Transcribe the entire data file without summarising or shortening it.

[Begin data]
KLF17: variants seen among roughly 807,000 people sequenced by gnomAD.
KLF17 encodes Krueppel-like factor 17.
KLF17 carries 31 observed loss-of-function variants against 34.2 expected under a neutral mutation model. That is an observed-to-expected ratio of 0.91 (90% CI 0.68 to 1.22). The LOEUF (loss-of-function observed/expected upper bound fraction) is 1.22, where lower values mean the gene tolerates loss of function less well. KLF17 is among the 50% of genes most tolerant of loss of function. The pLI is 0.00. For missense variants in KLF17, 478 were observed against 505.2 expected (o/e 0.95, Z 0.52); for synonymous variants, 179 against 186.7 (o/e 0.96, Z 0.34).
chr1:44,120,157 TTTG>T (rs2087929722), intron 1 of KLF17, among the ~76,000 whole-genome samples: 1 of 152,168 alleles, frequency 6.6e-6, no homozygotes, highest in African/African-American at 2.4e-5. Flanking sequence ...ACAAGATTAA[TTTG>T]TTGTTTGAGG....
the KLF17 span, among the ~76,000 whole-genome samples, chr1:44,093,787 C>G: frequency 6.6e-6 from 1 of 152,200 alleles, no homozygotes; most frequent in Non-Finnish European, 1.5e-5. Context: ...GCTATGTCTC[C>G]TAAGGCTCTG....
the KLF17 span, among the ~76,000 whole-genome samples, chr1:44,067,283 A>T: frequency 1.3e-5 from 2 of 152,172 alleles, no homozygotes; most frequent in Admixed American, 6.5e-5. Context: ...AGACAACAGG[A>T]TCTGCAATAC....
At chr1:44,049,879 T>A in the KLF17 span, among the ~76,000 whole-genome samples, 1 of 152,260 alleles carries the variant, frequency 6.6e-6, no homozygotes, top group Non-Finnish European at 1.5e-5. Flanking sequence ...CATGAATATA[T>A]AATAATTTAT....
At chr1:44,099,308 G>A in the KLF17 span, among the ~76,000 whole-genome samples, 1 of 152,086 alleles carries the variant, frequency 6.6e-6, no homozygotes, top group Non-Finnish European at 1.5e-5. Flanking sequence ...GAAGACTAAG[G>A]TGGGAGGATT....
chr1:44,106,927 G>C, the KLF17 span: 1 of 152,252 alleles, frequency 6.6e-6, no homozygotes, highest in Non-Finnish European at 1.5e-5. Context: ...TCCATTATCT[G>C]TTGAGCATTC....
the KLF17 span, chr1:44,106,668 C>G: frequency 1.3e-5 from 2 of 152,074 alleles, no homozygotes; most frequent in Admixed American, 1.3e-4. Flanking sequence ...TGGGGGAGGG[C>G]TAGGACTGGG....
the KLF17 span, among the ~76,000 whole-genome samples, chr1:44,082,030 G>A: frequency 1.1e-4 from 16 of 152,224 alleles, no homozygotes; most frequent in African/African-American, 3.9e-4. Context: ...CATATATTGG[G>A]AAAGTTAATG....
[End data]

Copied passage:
KLF17: variants seen among roughly 807,000 people sequenced by gnomAD.
KLF17 encodes Krueppel-like factor 17.
KLF17 carries 31 observed loss-of-function variants against 34.2 expected under a neutral mutation model. That is an observed-to-expected ratio of 0.91 (90% CI 0.68 to 1.22). The LOEUF (loss-of-function observed/expected upper bound fraction) is 1.22, where lower values mean the gene tolerates loss of function less well. KLF17 is among the 50% of genes most tolerant of loss of function. The pLI is 0.00. For missense variants in KLF17, 478 were observed against 505.2 expected (o/e 0.95, Z 0.52); for synonymous variants, 179 against 186.7 (o/e 0.96, Z 0.34).
chr1:44,120,157 TTTG>T (rs2087929722), intron 1 of KLF17, among the ~76,000 whole-genome samples: 1 of 152,168 alleles, frequency 6.6e-6, no homozygotes, highest in African/African-American at 2.4e-5. Flanking sequence ...ACAAGATTAA[TTTG>T]TTGTTTGAGG....
the KLF17 span, among the ~76,000 whole-genome samples, chr1:44,093,787 C>G: frequency 6.6e-6 from 1 of 152,200 alleles, no homozygotes; most frequent in Non-Finnish European, 1.5e-5. Context: ...GCTATGTCTC[C>G]TAAGGCTCTG....
the KLF17 span, among the ~76,000 whole-genome samples, chr1:44,067,283 A>T: frequency 1.3e-5 from 2 of 152,172 alleles, no homozygotes; most frequent in Admixed American, 6.5e-5. Context: ...AGACAACAGG[A>T]TCTGCAATAC....
At chr1:44,049,879 T>A in the KLF17 span, among the ~76,000 whole-genome samples, 1 of 152,260 alleles carries the variant, frequency 6.6e-6, no homozygotes, top group Non-Finnish European at 1.5e-5. Flanking sequence ...CATGAATATA[T>A]AATAATTTAT....
At chr1:44,099,308 G>A in the KLF17 span, among the ~76,000 whole-genome samples, 1 of 152,086 alleles carries the variant, frequency 6.6e-6, no homozygotes, top group Non-Finnish European at 1.5e-5. Flanking sequence ...GAAGACTAAG[G>A]TGGGAGGATT....
chr1:44,106,927 G>C, the KLF17 span: 1 of 152,252 alleles, frequency 6.6e-6, no homozygotes, highest in Non-Finnish European at 1.5e-5. Context: ...TCCATTATCT[G>C]TTGAGCATTC....
the KLF17 span, chr1:44,106,668 C>G: frequency 1.3e-5 from 2 of 152,074 alleles, no homozygotes; most frequent in Admixed American, 1.3e-4. Flanking sequence ...TGGGGGAGGG[C>G]TAGGACTGGG....
the KLF17 span, among the ~76,000 whole-genome samples, chr1:44,082,030 G>A: frequency 1.1e-4 from 16 of 152,224 alleles, no homozygotes; most frequent in African/African-American, 3.9e-4. Context: ...CATATATTGG[G>A]AAAGTTAATG....